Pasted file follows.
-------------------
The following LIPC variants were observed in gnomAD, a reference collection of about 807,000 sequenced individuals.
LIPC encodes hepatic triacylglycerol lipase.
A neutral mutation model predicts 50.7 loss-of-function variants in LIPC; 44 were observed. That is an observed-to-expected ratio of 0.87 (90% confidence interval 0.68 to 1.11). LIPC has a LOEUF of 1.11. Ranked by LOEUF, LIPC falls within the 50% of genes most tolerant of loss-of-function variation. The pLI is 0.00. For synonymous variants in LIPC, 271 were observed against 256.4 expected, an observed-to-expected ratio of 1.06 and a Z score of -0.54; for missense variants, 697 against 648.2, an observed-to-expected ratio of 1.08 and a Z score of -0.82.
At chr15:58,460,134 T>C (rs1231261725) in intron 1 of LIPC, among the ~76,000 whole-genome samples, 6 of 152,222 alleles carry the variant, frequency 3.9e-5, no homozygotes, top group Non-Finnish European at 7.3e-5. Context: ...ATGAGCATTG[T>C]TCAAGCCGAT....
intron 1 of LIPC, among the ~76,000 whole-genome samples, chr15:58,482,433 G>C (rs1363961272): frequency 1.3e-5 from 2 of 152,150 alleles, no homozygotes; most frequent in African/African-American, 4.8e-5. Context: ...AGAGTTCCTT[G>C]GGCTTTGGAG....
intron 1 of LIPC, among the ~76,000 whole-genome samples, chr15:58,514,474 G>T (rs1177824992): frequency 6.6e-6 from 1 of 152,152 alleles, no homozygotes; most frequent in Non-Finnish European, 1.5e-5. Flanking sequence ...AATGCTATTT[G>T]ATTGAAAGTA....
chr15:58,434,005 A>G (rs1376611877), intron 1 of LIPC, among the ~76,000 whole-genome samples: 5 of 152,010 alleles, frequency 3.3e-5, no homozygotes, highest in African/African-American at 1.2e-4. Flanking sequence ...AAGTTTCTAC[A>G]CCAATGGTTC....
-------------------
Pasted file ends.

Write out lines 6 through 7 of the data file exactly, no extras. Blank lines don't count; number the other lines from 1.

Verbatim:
intron 1 of LIPC, among the ~76,000 whole-genome samples, chr15:58,514,474 G>T (rs1177824992): frequency 6.6e-6 from 1 of 152,152 alleles, no homozygotes; most frequent in Non-Finnish European, 1.5e-5. Flanking sequence ...AATGCTATTT[G>T]ATTGAAAGTA....
chr15:58,434,005 A>G (rs1376611877), intron 1 of LIPC, among the ~76,000 whole-genome samples: 5 of 152,010 alleles, frequency 3.3e-5, no homozygotes, highest in African/African-American at 1.2e-4. Flanking sequence ...AAGTTTCTAC[A>G]CCAATGGTTC....